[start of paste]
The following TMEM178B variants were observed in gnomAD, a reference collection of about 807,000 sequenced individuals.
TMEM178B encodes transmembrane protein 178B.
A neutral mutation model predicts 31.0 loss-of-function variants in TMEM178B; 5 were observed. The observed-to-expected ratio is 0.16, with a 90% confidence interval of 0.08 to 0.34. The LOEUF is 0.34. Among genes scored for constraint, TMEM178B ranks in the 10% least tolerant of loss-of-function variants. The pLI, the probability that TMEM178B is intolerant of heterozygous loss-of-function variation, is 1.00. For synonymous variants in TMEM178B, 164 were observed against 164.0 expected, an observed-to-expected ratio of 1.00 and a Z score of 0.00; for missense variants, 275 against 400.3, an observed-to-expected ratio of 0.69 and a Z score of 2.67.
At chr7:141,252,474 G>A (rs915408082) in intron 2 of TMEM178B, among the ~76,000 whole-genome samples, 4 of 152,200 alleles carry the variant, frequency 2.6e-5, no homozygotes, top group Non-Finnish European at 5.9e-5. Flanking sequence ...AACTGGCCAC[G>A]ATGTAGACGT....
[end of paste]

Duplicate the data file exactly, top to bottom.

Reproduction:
The following TMEM178B variants were observed in gnomAD, a reference collection of about 807,000 sequenced individuals.
TMEM178B encodes transmembrane protein 178B.
A neutral mutation model predicts 31.0 loss-of-function variants in TMEM178B; 5 were observed. The observed-to-expected ratio is 0.16, with a 90% confidence interval of 0.08 to 0.34. The LOEUF is 0.34. Among genes scored for constraint, TMEM178B ranks in the 10% least tolerant of loss-of-function variants. The pLI, the probability that TMEM178B is intolerant of heterozygous loss-of-function variation, is 1.00. For synonymous variants in TMEM178B, 164 were observed against 164.0 expected, an observed-to-expected ratio of 1.00 and a Z score of 0.00; for missense variants, 275 against 400.3, an observed-to-expected ratio of 0.69 and a Z score of 2.67.
At chr7:141,252,474 G>A (rs915408082) in intron 2 of TMEM178B, among the ~76,000 whole-genome samples, 4 of 152,200 alleles carry the variant, frequency 2.6e-5, no homozygotes, top group Non-Finnish European at 5.9e-5. Flanking sequence ...AACTGGCCAC[G>A]ATGTAGACGT....